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Key: Meeting M      Journal J      Funder F

Showing releases 251-275 out of 1881.

<< < 6 | 7 | 8 | 9 | 10 | 11 | 12 | 13 | 14 | 15 > >>

Public Release: 25-May-2016
British Journal of Sports Medicine
Australian cricket team uses guided missile technology to improve bowling
Australian researchers have developed a revolutionary algorithm using submarine and guided missile technology to reduce injury and improve performance in cricket fast bowlers. The 'torpedo technology' is being used by the Australian team in preparations for the upcoming Sri Lanka Series. Sports scientists at Australian Catholic University's School of Exercise Science developed the algorithm as the current manual reporting of professional cricketers' workloads -- which only measures how many deliveries a bowler balls, and not the intensity of the effort -- was inadequate.

Contact: Rajiv Maharaj
rajiv.maharaj@acu.edu.au
Australian Catholic University

Public Release: 24-May-2016
Top international award for UNSW Australia quantum computing chief
For her world-leading research in the fabrication of atomic-scale devices for quantum computing, UNSW Australia's Michelle Simmons has been awarded a prestigious Foresight Institute Feynman Prize in Nanotechnology. Professor Simmons is director of the UNSW-based Australian Research Council Centre of Excellence for Quantum Computation and Communication Technology.

Contact: Deborah Smith
deborah.smith@unsw.edu.au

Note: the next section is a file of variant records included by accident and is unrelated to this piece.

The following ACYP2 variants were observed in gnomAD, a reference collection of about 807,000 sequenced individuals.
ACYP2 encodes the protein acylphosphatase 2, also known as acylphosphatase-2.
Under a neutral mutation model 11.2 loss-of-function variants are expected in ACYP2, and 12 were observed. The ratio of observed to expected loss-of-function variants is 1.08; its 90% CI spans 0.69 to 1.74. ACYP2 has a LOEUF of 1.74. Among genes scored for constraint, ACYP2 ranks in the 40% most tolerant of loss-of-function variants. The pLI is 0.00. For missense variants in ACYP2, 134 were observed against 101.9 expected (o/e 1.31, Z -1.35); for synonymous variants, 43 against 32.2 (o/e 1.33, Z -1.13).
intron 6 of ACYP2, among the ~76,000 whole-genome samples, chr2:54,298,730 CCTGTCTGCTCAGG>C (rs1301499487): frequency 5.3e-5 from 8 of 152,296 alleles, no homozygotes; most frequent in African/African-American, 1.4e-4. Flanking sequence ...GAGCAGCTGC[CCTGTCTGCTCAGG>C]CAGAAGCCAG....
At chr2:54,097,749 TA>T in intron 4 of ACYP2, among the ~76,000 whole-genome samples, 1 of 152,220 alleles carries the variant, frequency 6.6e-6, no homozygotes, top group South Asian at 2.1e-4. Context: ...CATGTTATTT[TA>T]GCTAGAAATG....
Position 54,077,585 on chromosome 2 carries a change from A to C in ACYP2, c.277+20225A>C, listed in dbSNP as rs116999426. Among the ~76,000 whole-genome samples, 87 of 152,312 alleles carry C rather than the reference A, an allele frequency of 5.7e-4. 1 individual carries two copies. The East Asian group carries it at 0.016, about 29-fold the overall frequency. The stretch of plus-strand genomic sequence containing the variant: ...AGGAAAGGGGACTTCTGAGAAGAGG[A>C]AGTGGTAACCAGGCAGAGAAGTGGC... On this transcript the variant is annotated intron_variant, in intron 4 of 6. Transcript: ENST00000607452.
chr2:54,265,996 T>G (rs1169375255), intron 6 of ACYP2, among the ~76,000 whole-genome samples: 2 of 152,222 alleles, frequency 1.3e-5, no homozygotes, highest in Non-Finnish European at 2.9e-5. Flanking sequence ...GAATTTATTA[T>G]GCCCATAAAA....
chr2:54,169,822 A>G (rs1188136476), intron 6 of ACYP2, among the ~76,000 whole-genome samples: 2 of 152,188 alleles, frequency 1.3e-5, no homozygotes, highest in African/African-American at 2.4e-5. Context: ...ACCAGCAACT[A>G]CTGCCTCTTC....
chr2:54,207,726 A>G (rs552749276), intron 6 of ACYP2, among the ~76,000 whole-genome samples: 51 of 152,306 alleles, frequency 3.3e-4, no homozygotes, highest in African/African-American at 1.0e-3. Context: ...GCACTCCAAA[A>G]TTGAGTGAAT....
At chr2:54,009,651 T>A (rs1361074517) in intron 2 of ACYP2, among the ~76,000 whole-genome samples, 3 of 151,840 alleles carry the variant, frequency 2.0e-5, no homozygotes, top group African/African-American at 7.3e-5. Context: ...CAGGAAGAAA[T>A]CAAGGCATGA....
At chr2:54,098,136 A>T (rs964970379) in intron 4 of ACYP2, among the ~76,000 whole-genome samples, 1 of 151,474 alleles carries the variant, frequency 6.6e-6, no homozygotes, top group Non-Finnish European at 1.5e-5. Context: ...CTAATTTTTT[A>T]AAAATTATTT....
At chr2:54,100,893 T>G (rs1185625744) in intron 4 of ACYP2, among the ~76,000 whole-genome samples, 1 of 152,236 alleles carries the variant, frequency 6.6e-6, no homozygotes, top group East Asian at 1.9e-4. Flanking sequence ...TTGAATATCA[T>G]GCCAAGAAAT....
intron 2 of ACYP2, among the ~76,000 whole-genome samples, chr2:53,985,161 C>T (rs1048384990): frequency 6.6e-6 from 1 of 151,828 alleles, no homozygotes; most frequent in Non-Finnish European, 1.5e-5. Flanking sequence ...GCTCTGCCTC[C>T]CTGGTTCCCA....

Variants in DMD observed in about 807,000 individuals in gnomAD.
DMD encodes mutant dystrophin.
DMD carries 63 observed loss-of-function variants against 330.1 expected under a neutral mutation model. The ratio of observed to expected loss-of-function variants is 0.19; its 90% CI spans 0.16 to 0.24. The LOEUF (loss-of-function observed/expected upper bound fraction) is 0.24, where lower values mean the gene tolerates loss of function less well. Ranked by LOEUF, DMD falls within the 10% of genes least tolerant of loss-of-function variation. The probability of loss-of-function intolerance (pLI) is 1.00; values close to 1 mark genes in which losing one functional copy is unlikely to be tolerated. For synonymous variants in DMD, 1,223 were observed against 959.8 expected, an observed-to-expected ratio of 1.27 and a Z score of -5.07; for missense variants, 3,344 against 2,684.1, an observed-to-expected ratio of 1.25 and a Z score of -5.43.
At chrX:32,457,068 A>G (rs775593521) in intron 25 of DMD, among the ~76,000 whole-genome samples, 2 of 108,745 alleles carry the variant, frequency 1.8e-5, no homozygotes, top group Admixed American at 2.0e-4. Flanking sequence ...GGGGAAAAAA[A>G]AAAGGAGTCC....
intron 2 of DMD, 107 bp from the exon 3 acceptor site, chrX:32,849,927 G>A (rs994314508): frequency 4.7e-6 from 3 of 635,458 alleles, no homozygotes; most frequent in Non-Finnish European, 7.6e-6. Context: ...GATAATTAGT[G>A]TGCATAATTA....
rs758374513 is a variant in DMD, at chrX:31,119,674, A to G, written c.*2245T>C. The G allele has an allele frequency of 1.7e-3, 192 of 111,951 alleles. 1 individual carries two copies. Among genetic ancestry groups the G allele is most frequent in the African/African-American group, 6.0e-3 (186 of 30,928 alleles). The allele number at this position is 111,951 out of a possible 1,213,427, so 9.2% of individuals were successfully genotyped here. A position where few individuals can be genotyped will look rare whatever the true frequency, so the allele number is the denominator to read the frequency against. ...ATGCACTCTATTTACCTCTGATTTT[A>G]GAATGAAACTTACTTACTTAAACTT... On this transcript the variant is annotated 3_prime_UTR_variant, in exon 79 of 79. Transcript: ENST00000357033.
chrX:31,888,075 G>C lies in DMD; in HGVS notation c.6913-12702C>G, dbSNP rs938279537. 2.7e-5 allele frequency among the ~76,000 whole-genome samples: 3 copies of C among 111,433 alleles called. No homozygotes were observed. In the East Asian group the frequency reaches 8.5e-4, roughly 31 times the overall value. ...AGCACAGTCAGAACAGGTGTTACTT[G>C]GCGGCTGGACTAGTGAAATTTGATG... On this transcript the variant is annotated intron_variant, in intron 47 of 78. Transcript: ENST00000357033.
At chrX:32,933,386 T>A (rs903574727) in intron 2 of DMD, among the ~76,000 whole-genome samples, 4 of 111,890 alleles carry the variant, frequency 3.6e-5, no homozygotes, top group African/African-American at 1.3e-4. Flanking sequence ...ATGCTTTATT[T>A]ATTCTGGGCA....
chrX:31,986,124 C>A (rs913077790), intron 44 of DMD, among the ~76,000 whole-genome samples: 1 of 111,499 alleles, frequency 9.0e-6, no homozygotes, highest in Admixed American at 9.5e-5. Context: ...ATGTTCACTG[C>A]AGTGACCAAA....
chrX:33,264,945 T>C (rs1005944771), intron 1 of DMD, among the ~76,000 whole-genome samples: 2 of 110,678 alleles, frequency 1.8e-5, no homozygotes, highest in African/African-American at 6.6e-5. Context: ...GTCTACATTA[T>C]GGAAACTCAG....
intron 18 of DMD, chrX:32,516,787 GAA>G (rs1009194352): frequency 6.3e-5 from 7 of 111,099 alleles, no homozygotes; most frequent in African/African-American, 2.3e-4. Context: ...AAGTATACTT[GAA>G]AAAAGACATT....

61-478-492-060
University of New South Wales

Public Release: 24-May-2016
Nature Communications
Light can 'heal' defects in new solar cell materials
Now, a team of researchers at MIT and elsewhere say they have made significant inroads toward understanding a process for improving perovskites' performance, by modifying the material using intense light. The new findings are being reported in the journal Nature Communications, in a paper by Samuel Stranks, a researcher at MIT; Vladimir Bulovic, the Fariborz Maseeh (1990) Professor of Emerging Technology and associate dean for innovation; and eight colleagues at other institutions in the US and the UK.
European Union, National Science Foundation, Center for Excitonics, US Department of Energy, National Institutes of Health

Contact: Karl-Lydie Jean-Baptiste
kjeanbap@mit.edu
617-253-1682
Massachusetts Institute of Technology

Public Release: 23-May-2016
Proceedings of the National Academy of Sciences
Ivy's powerful grasp could lead to better medical adhesives, stronger battle armor
English ivy's natural glue might hold the key to new approaches to wound healing, stronger armor for the military and maybe even cosmetics with better staying power.
US Army, National Science Foundation, US Department of Energy

Contact: Mingjun Zhang
Zhang.4882@osu.edu
614-292-3181
Ohio State University

Public Release: 23-May-2016
Physical Review A
Dartmouth team creates new method to control quantum systems
Dartmouth College researchers have discovered a method to design faster pulses, offering a new way to accurately control quantum systems.

Contact: John Cramer
john.cramer@dartmouth.edu
603-646-9130
Dartmouth College

Public Release: 23-May-2016
EPJ E
Traveling wave drives magnetic particles